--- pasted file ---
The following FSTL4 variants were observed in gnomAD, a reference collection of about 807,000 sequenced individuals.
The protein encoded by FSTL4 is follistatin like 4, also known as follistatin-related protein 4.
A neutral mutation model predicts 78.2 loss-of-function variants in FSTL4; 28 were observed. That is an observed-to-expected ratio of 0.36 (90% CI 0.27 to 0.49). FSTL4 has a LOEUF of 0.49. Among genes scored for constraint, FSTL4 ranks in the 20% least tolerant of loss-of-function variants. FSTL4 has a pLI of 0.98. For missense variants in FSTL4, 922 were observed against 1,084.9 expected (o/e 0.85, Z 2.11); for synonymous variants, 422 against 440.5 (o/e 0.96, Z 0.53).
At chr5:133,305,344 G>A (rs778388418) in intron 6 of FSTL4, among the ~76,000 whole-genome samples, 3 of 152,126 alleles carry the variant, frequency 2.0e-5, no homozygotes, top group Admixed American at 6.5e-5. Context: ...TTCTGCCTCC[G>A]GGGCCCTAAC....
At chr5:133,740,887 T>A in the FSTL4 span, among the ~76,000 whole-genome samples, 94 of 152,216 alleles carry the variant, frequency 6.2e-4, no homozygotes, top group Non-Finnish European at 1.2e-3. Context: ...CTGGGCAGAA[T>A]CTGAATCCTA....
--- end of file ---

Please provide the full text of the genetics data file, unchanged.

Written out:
The following FSTL4 variants were observed in gnomAD, a reference collection of about 807,000 sequenced individuals.
The protein encoded by FSTL4 is follistatin like 4, also known as follistatin-related protein 4.
A neutral mutation model predicts 78.2 loss-of-function variants in FSTL4; 28 were observed. That is an observed-to-expected ratio of 0.36 (90% CI 0.27 to 0.49). FSTL4 has a LOEUF of 0.49. Among genes scored for constraint, FSTL4 ranks in the 20% least tolerant of loss-of-function variants. FSTL4 has a pLI of 0.98. For missense variants in FSTL4, 922 were observed against 1,084.9 expected (o/e 0.85, Z 2.11); for synonymous variants, 422 against 440.5 (o/e 0.96, Z 0.53).
At chr5:133,305,344 G>A (rs778388418) in intron 6 of FSTL4, among the ~76,000 whole-genome samples, 3 of 152,126 alleles carry the variant, frequency 2.0e-5, no homozygotes, top group Admixed American at 6.5e-5. Context: ...TTCTGCCTCC[G>A]GGGCCCTAAC....
At chr5:133,740,887 T>A in the FSTL4 span, among the ~76,000 whole-genome samples, 94 of 152,216 alleles carry the variant, frequency 6.2e-4, no homozygotes, top group Non-Finnish European at 1.2e-3. Context: ...CTGGGCAGAA[T>A]CTGAATCCTA....